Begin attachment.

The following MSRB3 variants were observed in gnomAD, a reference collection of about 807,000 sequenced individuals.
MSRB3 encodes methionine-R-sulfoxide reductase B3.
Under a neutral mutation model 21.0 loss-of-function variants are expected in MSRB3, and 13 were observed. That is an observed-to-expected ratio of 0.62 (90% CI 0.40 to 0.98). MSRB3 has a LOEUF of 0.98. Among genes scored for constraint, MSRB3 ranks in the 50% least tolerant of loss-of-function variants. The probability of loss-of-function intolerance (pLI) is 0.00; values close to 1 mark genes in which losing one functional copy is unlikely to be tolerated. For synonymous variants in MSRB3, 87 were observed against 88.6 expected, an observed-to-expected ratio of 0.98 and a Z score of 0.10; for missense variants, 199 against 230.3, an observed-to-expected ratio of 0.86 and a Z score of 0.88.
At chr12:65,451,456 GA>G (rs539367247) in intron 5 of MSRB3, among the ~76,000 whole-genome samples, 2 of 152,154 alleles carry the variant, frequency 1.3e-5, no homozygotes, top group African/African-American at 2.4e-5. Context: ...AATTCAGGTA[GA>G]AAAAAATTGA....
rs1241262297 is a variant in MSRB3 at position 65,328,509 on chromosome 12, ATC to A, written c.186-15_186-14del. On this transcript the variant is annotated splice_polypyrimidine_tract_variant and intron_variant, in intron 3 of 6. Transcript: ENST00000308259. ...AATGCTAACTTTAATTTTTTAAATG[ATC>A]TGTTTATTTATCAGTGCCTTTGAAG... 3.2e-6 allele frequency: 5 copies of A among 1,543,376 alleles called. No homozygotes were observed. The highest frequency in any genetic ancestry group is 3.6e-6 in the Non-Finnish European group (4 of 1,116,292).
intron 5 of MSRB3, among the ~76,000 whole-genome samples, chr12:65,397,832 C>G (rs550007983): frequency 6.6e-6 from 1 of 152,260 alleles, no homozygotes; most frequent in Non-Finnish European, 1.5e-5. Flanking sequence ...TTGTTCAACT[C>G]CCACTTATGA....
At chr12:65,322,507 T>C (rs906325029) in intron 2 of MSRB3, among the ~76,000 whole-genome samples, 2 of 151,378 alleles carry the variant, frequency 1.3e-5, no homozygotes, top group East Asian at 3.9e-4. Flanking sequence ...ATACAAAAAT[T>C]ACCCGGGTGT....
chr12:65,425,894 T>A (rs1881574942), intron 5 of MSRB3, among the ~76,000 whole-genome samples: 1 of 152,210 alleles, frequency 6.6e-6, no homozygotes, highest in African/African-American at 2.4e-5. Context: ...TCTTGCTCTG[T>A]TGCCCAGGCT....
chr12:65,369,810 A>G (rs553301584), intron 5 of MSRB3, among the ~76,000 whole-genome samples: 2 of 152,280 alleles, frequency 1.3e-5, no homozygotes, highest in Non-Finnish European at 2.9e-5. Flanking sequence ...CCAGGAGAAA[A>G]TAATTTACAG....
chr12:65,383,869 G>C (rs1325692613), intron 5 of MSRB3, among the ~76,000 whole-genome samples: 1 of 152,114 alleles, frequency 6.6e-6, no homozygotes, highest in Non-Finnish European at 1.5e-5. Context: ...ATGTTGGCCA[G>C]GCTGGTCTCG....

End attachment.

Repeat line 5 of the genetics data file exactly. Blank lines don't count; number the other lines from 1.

rs1241262297 is a variant in MSRB3 at position 65,328,509 on chromosome 12, ATC to A, written c.186-15_186-14del. On this transcript the variant is annotated splice_polypyrimidine_tract_variant and intron_variant, in intron 3 of 6. Transcript: ENST00000308259. ...AATGCTAACTTTAATTTTTTAAATG[ATC>A]TGTTTATTTATCAGTGCCTTTGAAG... 3.2e-6 allele frequency: 5 copies of A among 1,543,376 alleles called. No homozygotes were observed. The highest frequency in any genetic ancestry group is 3.6e-6 in the Non-Finnish European group (4 of 1,116,292).